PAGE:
Half the Sky Movement Teaming Up to Make a Real Difference
Around the world, 62 million girls are not in school and an estimated 100 million will drop out before completing primary school. One in seven girls is married before her 15th birthday, and one in three women will experience gender-based violence in her lifetime. Further, each year more than 287,000 women, 99 percent of them in developing countries, die from pregnancy and childbirth-related complications.  The Half the Sky Movement works towards raising awareness on the above issues.

The Half the Sky Movement is a multi-donor, multimedia campaign bringing together video, mobile games, content hubs and other education tools to advance gender equality and women’s empowerment. It is cutting across all multimedia platforms to ignite the change needed to put an end to the oppression of women and girls on a global scale which is quickly becoming one of the defining issues of our time.

The campaign itself aims to open up debates about deep-set values that challenge women’s empowerment in areas such as economic growth, girls’ education, female genital mutilation, women’s health and sex trafficking.

USAID and the Half the Sky Movement have teamed up and developed 18 educational advocacy videos on topics involving gender equality and women’s empowerment. USAID also helped support the creation of three mobile games that reach out to over 6 billion mobile phone subscriptions worldwide, three-quarters of which are in developing countries.

The games are free of charge and proactively engage players around critical issues like reproductive health and empowerment through education. All three are available in English, Hindi and Kiswahili. Each game can be accessed through in-country mobile phone app stores, including Nokia, Safaricom, GetJar and Appia.

Currently, the organization’s focus to promote gender equality has set its efforts on Kenya and India. They are using a cutting-edge initiative via transmedia development alliance to promote and disseminate Half the Sky Movement’s messages of women’s empowerment. The organization aims to improve public dialogue on key gender-related concerns, develop the capacity of partner NGOs, as well as foster transformational attitudinal and behavioral changes on a global scale. Lastly, it aims to nurture policy changes by encouraging global policymakers, business leaders and influencers to advocate for institutional changes to support gender equality.

“Women aren’t the problem but the solution. The plight of girls is no more a tragedy than an opportunity,” writes Nicholas D. Kristof, the catalyst of the group.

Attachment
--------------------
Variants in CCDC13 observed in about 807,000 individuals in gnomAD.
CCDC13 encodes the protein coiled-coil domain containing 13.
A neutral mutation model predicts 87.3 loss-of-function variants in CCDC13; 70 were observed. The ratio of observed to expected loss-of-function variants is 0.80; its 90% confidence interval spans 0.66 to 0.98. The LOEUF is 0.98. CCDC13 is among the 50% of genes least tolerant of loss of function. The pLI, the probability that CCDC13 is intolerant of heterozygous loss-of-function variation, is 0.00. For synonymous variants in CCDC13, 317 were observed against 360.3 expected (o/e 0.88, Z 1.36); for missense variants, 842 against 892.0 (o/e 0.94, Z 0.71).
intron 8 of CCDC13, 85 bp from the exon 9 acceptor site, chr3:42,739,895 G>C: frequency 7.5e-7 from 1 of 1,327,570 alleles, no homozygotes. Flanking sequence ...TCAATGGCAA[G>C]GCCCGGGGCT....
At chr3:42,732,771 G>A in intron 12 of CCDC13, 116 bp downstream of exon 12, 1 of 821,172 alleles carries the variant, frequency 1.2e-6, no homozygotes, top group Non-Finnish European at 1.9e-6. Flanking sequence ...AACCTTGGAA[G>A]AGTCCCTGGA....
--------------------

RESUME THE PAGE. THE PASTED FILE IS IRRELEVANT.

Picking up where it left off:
So far, supporters of the movement have donated more than $5 million to organizations helping young women. Even more so, upwards of 1,500 campus and community ambassadors have spread the word and educated members of their communities on the issues millions of young women and girls face all over the globe.

Keaton McCalla

Photo: Flickr




Create one YouTube video of people asking one of your congressional leaders to support a poverty-reduction bill. The video should address only one congressional leader. Your leader already knows they are receiving phone calls from their call reports – The purpose of these videos is to explain WHY the leader should support the bill or International Affairs Budget. Be creative and make sure people aren’t just reading off of a script or calling and leaving their leaders a message! Ask yourself, if you were the leader or staffer viewing your video, would you be engaged? If the answer is no, create a new version before publishing it online.

Why this matters:

Congressional offices monitor when the leader is mentioned online. These videos will be seen by the leaders’ Communications Directors and often the leader as well.

Maximize your impact:

1. Come up with a creative idea. Pick a bill or ask your leader to support the International Affairs Budget. Draft out what you’ll want people to say in the video. Be sure to include WHY your leader should support the bill or International Affairs Budget.

2. Include other people to be in your video – friends, family, neighbors, other students, etc. You want to show strength in numbers.

3. Film footage and edit the video. The shorter the better (think 1-3 minutes).

4. Create a YouTube account if you don’t have one and upload the video.

5. IMPORTANT: Optimize the name and description. Congressional offices receive summaries of where the leader is mentioned online, so it’s key that the video’s title and description name the leader and the bill. For example, name the video “Sen. Tywin Lannister Please Cosponsor the Education for All Act.” In the video description, mention the leader’s name, the bill and that you’re constituents who support The Borgen Project.

6. Use your social media platform! There’s a good chance your leader’s Communications Director will see the video within 24 hours of you publishing it, but just to make sure the message is received, email the video to their office. You can also post the video to the leader’s Facebook page and tweet your message to the leader!

What the title and verbiage should say:

The title and description need to mention the leader’s name and the bill. The script of the video should also mention the leader’s name and ask them to cosponsor a bill.

  • Example of a Good Title: “Sen. Tywin Lannister Please Cosponsor the REACH Act.”
  • Example of a Good Description: “Sen. Tywin Lannister, we truly believe that you have the ability to make a difference in thousands of lives by cosponsoring the REACH Act. As your constituents and supporters of The Borgen Project, we believe that the values of the district are best represented when we’re improving the lives of those born into extreme poverty.”

This is how it’s done!

Why this video is a huge success…

Here’s another good video example, focusing on the International Affairs Budget: